Human-Computer Interaction: Ergonomics and User Interfaces - Vol. 1

By Hans-Jörg Bullinger; Jürgen Ziegler | Go to book overview
Save to active project

DISTRIBUTED EXPERT SYSTEM FOR INTERACTIVE REASONING AND EVALUATION

Celestine A. Ntuen and Eui H. Park The Institute for Human-Machine Studies, College of Engineering North Carolina A&T State University, Greensboro, NC 27411 USA


1
INTRODUCTION

The forms in which information is presented to the decision maker (DM) has been a research topic of interest in Human Factors and Cognitive Science arena (see, e.g. Freedy & Johnson, 1982; MacGregor & Slovic, 1986; Wickens & Kramer, 1985, Jones, Wickens, & Deutsch, 1990). Significant part of these studies deal with how DMs make their decisions with computer graphics or intelligent decision aids ( Benbasat & Dexter, 1985; Desanctis, 1984; Dickinson, Desanctis & McBride, 1986). The basic measures used are decision accuracy, decision time, and the ability to predict effect of uncertainties ( Zachary, 1986). Other studies have attempted to measure cognitive effort and mental workload (Payne, Bettman, & Johnson, 1990; Todd & Benbasat, 1994), and meta-analysis of decision trade-off protocol ( Beach & Mitchel, 1978; Johnson, Payne, & Bettman, 1988). Most of these studies use business and economic data, and are often simplified with respect to data display rendering (dimensionality effect: 2D, versus 3D, etc.).

In the Human-Computer Interaction (HCI) domain, one of the objectives of designing display and visualization aids is to enhance the human cognitive usability of the system. In general, a cognitive model is a dominant criterion in information display and visualization tools. This paper presents an experimental study conducted to assess the effects of information display and visualization on cognitive reasoning skills of the human operator. The domain application is a simulated, scaled-down version of tactical decision-making ( Ntuen, Chi & Park; Ntuen, Mountjoy & Yarbrough, 1998).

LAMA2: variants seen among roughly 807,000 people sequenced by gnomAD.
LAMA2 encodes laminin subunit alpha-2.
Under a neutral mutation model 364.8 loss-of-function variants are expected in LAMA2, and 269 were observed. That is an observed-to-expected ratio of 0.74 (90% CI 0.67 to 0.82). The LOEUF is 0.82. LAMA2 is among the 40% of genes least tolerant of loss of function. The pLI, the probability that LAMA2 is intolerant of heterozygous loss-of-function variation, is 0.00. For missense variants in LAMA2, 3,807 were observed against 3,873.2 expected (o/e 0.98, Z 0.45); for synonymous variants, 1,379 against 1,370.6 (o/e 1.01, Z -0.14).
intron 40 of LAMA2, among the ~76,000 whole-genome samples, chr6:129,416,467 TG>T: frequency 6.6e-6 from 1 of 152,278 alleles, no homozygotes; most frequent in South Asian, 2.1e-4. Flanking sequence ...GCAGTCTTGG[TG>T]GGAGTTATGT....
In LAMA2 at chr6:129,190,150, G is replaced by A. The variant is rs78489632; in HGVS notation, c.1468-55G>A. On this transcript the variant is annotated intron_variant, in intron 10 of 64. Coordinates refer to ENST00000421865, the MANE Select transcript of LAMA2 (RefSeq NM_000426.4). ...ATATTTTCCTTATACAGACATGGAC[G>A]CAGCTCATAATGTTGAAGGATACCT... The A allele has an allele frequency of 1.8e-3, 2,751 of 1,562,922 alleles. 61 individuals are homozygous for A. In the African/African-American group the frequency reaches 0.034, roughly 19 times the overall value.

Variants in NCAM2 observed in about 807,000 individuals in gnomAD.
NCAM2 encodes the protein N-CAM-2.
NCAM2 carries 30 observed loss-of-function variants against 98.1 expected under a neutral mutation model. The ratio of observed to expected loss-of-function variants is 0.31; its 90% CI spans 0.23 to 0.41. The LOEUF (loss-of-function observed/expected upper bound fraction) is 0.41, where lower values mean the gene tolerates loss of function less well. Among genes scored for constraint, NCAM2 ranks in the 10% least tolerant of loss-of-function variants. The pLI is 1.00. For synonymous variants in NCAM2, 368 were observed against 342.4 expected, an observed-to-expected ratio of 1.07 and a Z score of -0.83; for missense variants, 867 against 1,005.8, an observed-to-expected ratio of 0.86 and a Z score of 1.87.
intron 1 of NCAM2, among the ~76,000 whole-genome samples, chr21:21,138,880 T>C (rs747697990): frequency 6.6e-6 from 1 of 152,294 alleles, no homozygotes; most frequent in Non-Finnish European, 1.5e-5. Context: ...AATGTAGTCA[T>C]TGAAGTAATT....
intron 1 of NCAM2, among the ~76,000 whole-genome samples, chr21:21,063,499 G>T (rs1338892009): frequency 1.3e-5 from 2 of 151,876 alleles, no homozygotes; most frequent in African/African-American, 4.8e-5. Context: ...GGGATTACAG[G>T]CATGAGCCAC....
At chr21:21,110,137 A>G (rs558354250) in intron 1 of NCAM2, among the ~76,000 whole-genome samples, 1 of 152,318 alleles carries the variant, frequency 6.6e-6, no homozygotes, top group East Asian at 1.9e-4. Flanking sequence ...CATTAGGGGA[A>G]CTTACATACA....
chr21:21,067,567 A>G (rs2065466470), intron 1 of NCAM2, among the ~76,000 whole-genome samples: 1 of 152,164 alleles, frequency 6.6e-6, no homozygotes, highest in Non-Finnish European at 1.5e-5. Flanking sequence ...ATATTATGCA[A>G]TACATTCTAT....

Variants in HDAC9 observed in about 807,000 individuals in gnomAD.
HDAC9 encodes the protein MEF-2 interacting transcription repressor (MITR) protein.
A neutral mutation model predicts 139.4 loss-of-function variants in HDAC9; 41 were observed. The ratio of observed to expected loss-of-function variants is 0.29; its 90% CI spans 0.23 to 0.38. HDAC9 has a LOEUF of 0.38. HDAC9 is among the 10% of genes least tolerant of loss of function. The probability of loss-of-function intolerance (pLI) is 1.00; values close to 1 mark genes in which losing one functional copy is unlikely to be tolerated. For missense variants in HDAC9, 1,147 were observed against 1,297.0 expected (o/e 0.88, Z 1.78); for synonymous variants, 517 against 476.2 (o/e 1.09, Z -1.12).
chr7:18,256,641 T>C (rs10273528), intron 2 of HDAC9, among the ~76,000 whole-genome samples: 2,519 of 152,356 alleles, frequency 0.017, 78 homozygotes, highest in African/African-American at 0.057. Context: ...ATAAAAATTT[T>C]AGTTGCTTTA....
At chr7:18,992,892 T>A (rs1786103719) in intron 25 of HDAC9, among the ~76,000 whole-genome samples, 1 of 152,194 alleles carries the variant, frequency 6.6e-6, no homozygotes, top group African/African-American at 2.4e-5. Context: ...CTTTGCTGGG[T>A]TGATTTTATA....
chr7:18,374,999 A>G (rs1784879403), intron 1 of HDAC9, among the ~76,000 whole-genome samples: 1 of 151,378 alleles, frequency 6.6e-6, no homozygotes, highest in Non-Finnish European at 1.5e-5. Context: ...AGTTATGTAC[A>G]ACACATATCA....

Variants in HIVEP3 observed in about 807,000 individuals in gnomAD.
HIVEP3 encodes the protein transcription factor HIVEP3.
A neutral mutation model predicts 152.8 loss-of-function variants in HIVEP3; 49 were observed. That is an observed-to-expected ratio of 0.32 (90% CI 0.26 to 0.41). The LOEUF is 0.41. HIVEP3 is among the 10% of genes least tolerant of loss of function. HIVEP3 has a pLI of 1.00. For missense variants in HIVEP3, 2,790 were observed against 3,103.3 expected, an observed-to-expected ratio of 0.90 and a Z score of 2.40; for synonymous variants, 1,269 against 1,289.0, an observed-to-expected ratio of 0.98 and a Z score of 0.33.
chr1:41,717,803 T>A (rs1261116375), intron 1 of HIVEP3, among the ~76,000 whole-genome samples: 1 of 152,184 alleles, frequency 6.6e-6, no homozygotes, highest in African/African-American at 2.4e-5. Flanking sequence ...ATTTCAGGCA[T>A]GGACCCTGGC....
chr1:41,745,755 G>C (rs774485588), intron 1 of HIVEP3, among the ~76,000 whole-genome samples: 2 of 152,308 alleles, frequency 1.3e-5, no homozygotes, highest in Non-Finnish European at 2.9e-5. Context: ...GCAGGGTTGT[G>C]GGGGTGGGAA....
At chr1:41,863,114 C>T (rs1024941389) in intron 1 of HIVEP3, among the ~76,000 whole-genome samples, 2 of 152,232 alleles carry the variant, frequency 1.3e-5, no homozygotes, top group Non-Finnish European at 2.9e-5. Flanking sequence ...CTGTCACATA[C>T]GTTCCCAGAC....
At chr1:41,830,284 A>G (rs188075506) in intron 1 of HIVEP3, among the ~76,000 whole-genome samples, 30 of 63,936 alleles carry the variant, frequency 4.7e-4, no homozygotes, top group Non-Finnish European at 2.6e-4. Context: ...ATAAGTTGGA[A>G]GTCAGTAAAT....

2
COGNITIVE REASONING

Cognitive reasoning was selected for the study because reasoning accuracy is known to generally correlate to the degree of correspondence between the decision task and decision maker's level of experience ( Hammond, Hamm, Grassia, & Pearson, 1987).

-1182-

Notes for this page

Add a new note
If you are trying to select text to create highlights or citations, remember that you must now click or tap on the first word, and then click or tap on the last word.
Loading One moment ...
Project items
Notes
Cite this page

Cited page

Style
Citations are available only to our active members.
Sign up now to cite pages or passages in MLA, APA and Chicago citation styles.

Cited page

Bookmark this page
Human-Computer Interaction: Ergonomics and User Interfaces - Vol. 1
Table of contents

Table of contents

Settings

Settings

Typeface
Text size Smaller Larger
Search within

Search within this book

Look up

Look up a word

  • Dictionary
  • Thesaurus
Please submit a word or phrase above.
Print this page

Print this page

Why can't I print more than one page at a time?

While we understand printed pages are helpful to our users, this limitation is necessary to help protect our publishers' copyrighted material and prevent its unlawful distribution. We are sorry for any inconvenience.
Full screen
/ 1356

matching results for page

Cited passage

Style
Citations are available only to our active members.
Sign up now to cite pages or passages in MLA, APA and Chicago citation styles.

Cited passage

Welcome to the new Questia Reader

The Questia Reader has been updated to provide you with an even better online reading experience.  It is now 100% Responsive, which means you can read our books and articles on any sized device you wish.  All of your favorite tools like notes, highlights, and citations are still here, but the way you select text has been updated to be easier to use, especially on touchscreen devices.  Here's how:

1. Click or tap the first word you want to select.
2. Click or tap the last word you want to select.

OK, got it!

Thanks for trying Questia!

Please continue trying out our research tools, but please note, full functionality is available only to our active members.

Your work will be lost once you leave this Web page.

For full access in an ad-free environment, sign up now for a FREE, 1-day trial.

Already a member? Log in now.

Are you sure you want to delete this highlight?